Videos and materials from Lunch and Learn sessions in 2020 are posted on this page. For information on current Lunch and Learn talks, go to: https://equitydiversity.cals.wisc.edu/lunch-and-learn/.
“Scientifically Tested Methods to Reduce Racism and Promote Inclusion”
February 10, 2020
Markus Brauer is a professor in the Department of Psychology and the Wisconsin School of Business at the University of Wisconsin-Madison. Born and raised in Germany, he received his Ph.D. from the University of Colorado at Boulder (1994). He then worked for 17 years as a research scientist in the Centre National de la Recherche Scientifique, the French counterpart to the National Science Foundation. He joined the University of Wisconsin in 2011. As a social psychologist, Markus Brauer studies social behavior and cognitions. He develops and tests interventions aimed at changing people’s behaviors in a variety of domains – such as diversity, energy consumption, and workplace behaviors. He is the author of more than 100 scientific articles and chapters, has obtained numerous grants, and is member of the editorial board of the top scientific journals in his field. He also consults for public and private organizations. For more information see https://psych.wisc.edu/Brauer/BrauerLab/
Most pro-diversity initiatives are not evaluated. Among the few initiatives that have undergone rigorous evaluation, most turn out to be ineffective or counterproductive. The empirical evidence for the effectiveness of diversity training is mixed at best. The same is true for approaches that aim to raise awareness of implicit bias. In this talk, Markus argued that successful pro-diversity initiatives require a systematic approach in which the target audience, the target behaviors, and the “barriers” to behavior change are identified through background research (e.g., focus groups, climate survey). He presented three pro-diversity initiatives that have been shown to be effective in randomized controlled trials: the prejudice habit-breaking workshop, a norm-based campaign, and motivational interventions. He also gave concrete advice on how to evaluate your next pro-diversity initiative.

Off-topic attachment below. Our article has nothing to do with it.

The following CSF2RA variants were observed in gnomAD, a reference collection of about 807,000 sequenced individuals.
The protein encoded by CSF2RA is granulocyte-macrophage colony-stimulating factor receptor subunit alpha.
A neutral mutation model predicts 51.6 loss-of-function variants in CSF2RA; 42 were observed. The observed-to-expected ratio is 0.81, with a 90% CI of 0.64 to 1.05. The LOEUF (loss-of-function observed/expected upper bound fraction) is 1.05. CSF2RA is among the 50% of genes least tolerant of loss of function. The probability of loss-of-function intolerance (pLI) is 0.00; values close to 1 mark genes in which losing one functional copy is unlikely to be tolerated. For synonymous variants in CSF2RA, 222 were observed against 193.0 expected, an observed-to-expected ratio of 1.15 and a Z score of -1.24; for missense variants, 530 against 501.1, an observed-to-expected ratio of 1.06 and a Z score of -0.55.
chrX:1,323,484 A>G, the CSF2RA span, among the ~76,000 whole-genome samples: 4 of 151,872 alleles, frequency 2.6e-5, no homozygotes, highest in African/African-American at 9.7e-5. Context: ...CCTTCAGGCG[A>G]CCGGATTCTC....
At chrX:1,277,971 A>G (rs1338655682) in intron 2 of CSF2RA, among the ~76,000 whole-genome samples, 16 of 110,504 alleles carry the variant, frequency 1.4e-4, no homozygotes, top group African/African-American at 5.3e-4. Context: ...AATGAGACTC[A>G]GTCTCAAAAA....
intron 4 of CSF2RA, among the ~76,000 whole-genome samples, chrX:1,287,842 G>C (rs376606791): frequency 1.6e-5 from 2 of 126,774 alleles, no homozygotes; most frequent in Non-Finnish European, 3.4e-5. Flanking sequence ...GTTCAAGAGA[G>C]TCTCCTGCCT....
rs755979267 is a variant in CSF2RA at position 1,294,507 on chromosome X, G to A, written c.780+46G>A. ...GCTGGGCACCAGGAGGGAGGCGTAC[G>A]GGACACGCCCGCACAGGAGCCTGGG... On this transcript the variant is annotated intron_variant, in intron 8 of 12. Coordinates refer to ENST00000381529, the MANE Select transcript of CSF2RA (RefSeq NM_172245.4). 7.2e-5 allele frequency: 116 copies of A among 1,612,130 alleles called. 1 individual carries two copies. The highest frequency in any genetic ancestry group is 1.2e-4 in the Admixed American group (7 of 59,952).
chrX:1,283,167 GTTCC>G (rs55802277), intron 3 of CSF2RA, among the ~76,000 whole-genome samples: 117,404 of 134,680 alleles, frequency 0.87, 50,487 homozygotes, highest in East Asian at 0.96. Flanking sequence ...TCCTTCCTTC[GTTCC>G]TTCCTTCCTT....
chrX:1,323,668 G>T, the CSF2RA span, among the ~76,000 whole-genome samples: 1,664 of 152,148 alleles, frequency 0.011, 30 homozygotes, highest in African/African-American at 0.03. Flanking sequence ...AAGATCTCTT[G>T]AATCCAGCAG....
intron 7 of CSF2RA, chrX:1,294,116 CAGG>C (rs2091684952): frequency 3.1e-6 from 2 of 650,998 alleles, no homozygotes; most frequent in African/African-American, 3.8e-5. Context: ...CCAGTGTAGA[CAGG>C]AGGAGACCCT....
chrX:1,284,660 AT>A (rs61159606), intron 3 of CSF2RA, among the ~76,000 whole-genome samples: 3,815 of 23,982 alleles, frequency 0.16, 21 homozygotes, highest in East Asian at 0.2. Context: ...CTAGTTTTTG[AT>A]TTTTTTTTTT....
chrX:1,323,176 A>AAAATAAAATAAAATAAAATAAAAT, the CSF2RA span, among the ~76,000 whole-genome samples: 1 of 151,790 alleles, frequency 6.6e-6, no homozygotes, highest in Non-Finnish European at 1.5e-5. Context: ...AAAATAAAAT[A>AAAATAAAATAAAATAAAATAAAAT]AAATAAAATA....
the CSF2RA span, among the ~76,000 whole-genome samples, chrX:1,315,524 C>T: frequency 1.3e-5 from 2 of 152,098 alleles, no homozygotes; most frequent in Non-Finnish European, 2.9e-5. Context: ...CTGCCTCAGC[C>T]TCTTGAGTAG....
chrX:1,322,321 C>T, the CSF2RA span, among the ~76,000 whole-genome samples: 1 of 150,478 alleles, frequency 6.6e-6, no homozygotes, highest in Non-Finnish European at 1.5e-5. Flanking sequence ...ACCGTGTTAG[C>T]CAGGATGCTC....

“Biological Systems Engineering Women’s/All Inclusive Student Shop Night to Promote Inclusion”
March 9, 2020
Kody Habeck is the associate instrumentation innovation instructor in the Department of Biological Systems Engineering (BSE). He received his B.S. and M.S. from the University of Wisconsin-Madison focusing on power and machinery, machining, and fabrication. He now runs the BSE shop, instructs courses, and aids in a number of research projects. Rebecca Larson is an associate professor in the Department of Biological Systems Engineering at the University of Wisconsin-Madison.
In developing equity and diversity goals in BSE, the number of females and other underrepresented groups within the department as faculty, staff, and students was highlighted as an area for targeted improvement. In order to increase inclusion in shop, a historically male-dominated area, Kody Habeck and Dr. Larson began a women’s shop night to increase the presence of women in the shop and build confidence in their field. Over time, the program has grown not only in size but, upon recommendation by Kody, to be all inclusive and include a variety of students. The program has increased the number of students working in the shop area and the diversity of those students. While the program is highly successful and students report great satisfaction, it does require a significant amount of time and resources from the individuals who run the program. In this presentation, presenters covered some of their goals as well as some of the difficulties encountered along the way and encouraged others to evaluate how to increase the diversity and equity programs within their departments as well.